I received this interesting comment from a reader and thought I might write a post or two on this topic:
"...There is one very important writer/thinker you do not mention in your site but whom you might want to pay attention to–the Nobel prize winner Daniel Kahneman. After reading him, you will recognize and appreciate the role of luck, the unpredictability of stocks/markets, and that very few people, if any, can beat the market over the long term.
Sure you can point to Schloss, but if his methods were so easy to emulate, there would be tons of managers following suit and racking up his 20% returns year in and year out over long time periods. But this clearly isn’t the case. Instead, as Kahneman argues, we are overly optimistic and operate under an illusion of stock-picking skill that we can PERSISTENTLY outperform the market when the odds of doing so are extremely slim."
That's a great comment and it often provokes some fun discussions in the investing community. I'll provide my take.
There Is One Huge Reason It's Difficult to Replicate Great Results
I think that Schloss/Graham-type returns are very possible and replicable for most investors, but rarely do those investors achieve them. Here's the biggest reason why: It's very difficult to stay the course when your strategy isn't working.
As Greenblatt says, "Value investing works because sometimes it doesn't work."
I've picked apart Schloss' returns. Here's an interesting fact I learned from doing that: Despite trouncing the market by 10% per year (20% versus 10% S&P from 1955 to 2002), he had numerous two to three-year or more periods of underperformance. In fact, there was one period where Schloss actually underperformed for 10 years!
From 1989 to 1998, the S&P roughly doubled Schloss' results. This means, start to finish, there were years in that period he beat the S&P, but an investor who came in at the beginning of that period would still be behind an index fund 10 years later.
How many mutual funds could survive during that length of time? Any investment manager would lose all of their clients after that length of time. Schloss had a small core group of clients in a partnership, and so he was able to continue working the way he always worked without huge withdrawal problems, but probably somewhere around 99% of the time under similar situations, most investors would leave.
Schloss' Revenge on the S&P 500
Think about that! Talk about patience: Most investors abandon a strategy if it doesn't outperform for three to six months. Some might give it a year or two. I don't know anyone that would stick around for a decade. Now, here is an even more interesting anecdote: After that 10-year period, Schloss went on a four-year run where he trounced the market and made up for the entire 10-year underperformance so much so that the overall 14-year record looked outstanding. In fact, it doubled the S&P's return over the entire period, despite a decade of underperformance. This means the S&P's margin over Schloss was completely reversed four years later! So, sometimes value investing is underwhelming.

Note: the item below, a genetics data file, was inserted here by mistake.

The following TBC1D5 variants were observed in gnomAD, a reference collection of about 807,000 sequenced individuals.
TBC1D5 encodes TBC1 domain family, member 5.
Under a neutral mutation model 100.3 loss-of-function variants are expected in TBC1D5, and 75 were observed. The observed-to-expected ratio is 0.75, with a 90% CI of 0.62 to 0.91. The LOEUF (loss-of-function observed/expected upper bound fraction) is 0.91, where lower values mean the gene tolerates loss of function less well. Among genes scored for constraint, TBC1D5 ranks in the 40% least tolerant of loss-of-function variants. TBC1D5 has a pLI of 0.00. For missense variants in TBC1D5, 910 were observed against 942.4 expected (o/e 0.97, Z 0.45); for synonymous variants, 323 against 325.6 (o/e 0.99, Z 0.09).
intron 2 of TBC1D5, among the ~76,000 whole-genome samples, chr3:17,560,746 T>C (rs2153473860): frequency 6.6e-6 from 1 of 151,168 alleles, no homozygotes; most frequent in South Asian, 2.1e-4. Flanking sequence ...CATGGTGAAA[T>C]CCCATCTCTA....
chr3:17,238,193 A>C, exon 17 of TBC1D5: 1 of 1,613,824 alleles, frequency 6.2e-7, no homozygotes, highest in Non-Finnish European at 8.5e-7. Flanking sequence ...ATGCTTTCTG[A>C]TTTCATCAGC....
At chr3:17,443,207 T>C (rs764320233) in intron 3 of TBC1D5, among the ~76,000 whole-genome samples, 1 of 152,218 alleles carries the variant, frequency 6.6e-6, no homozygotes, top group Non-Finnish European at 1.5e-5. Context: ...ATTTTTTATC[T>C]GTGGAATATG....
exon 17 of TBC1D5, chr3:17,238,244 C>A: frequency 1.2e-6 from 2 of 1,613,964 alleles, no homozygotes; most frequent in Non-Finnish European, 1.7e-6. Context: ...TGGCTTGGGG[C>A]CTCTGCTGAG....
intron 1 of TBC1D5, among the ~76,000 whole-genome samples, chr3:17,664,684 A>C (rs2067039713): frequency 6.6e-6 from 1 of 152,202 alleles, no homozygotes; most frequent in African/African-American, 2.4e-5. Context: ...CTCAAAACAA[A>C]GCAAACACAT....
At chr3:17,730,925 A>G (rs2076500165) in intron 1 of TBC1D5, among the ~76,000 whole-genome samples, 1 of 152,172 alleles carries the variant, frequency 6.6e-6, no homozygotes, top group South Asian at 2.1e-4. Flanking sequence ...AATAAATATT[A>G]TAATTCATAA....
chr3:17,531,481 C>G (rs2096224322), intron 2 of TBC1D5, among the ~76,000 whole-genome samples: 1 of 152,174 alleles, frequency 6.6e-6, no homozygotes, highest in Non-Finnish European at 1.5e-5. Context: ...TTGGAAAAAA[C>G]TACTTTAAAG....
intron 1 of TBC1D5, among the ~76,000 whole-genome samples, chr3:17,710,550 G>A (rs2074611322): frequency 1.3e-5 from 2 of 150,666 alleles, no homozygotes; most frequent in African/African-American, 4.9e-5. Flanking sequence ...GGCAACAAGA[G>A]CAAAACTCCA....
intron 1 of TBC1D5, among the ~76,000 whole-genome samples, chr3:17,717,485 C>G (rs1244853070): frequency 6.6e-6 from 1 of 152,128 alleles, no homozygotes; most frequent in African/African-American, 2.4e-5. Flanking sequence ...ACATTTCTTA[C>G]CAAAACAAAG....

Greenblatt talked about this as well with his Magic Formula. Despite making 33% returns in his backtest from 1988 to 2004, there were two separate three-year periods where the system underperformed the market. Most investors would bail after that length of time.
Results Can't Be Replicated Unless the Concepts Are Completely Internalized
So the strategy, and more importantly, the concepts really have to be seared into your psyche to take advantage of the inherent structural edge that the philosophy has. So it's not as simple as saying, "Why couldn't everyone just copy what Schloss did?" Most in fact could with the proper emotional makeup but don't (or can't) because they don't have that mindset or discipline. It really comes from the fact that most don't take the time to really understand the concept. They grasp the concept of value investing at a cursory level, but it's not embedded into their mind, so they bail at the first extended length of poor performance.
As you say (paraphrasing), "If it was easy everyone would do it." That's true. It's not easy, but not because it's hard to figure out. It's not easy because it's emotionally difficult to stay disciplined when everyone around you is making much more money investing in much different (riskier) investments.
So that's my main thought on why value investing works over the long term. It works because sometimes (often times) it doesn't.
In a day or two, I'll discuss the topic of "luck" in investing in more detail in Part 2 of this post.
Thanks for reading and thanks for the comment!
About the author:
By using separate accounts, Saber offers its clients complete transparency and liquidity (the funds are held in the name of the client and cannot be accessed by the investment manager). Saber looks to partner with like-minded clients who are interested in a patient, long-term approach to investing that is rooted in the principles of value investing.
I also write at the blog www.basehitinvesting.com.
I can be reached at [email protected]